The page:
Translation:I think this is mine.
A nice guess, but it's really just a grammatical rule. When と acts as a particle indicating something that is thought/said/expressed, the verb preceding と is in plain form, and the final verb determines the politeness of the sentence as a whole. For example: かれはとしょかんに行くといいました -> "He said he's going to the library".
Also what comes before と思います is technically reported speech (in this case your thoughts or speech inside your head). Verbs in reported speech are in plain form.
Yes, present, active (plain form) equivalent to the dictionary form eg. 行く、来る、食べる、分かる、学ぶ of verbs or the verb stem + base 3.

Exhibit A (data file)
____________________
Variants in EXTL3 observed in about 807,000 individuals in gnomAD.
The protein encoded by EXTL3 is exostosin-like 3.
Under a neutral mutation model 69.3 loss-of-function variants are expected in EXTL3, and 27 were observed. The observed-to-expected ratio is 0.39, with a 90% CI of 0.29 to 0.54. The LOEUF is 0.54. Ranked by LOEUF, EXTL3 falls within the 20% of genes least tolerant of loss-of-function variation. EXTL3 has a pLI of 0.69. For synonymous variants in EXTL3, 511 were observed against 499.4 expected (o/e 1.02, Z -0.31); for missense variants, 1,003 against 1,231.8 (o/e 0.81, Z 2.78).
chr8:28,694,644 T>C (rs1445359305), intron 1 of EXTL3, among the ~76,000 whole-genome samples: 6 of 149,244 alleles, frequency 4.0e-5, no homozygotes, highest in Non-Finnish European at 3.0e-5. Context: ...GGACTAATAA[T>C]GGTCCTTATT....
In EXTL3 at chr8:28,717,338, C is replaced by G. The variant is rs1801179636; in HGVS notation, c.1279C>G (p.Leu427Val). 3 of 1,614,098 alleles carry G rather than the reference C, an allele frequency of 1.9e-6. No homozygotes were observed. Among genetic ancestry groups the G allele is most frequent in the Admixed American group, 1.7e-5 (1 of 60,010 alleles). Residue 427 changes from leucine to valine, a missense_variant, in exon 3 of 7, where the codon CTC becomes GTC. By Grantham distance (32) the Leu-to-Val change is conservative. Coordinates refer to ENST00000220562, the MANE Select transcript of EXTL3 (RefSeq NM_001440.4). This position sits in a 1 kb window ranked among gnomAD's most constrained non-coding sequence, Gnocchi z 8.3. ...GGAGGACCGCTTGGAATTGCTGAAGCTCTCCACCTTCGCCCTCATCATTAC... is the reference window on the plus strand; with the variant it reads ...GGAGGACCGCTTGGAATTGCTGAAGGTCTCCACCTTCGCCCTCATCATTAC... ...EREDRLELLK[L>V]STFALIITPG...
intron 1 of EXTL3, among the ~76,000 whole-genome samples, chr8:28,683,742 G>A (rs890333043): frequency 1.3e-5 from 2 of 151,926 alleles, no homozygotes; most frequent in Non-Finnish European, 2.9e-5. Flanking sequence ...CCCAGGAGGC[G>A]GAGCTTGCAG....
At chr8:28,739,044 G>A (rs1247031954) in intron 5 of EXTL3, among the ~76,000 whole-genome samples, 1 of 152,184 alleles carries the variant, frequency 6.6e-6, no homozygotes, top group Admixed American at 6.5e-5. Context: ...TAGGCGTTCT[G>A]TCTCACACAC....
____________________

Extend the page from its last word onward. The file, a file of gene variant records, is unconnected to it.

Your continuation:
わたしのだ is short for わたしのもの. In this sentence, it is implied that the object is already referred to, therefore repeating it would be redundant (similar to sentences like 赤いのをください) ... (at least I think so)
"I think this is mine", a man says as he is searched after shoplifting a fridge under his jacket.
To show that what proceeds it is 'reported speech' - in other words whatever proceeds と is either speech, or thoughts.
Are you allowed to say と思い in reference to yourself? I always thought you can only use it when "thinking" something about someone else.
There are essentially two sentences in one sentence here これは。。。とおもいます - 'I think ....this thing' and わたしのだ 'it is mine'. わたしのだ is a subordinate clause within the main clause or sentence and it is also reported speech - or in this case 'reported thought". The と before the verb indicates the speaker's thought/s or in other words it lets us know that the subordinate clause that precedes it is reported speech/thought. Verbs in reported speech are in plain form hence we have だ instead of です. Hope this makes sense?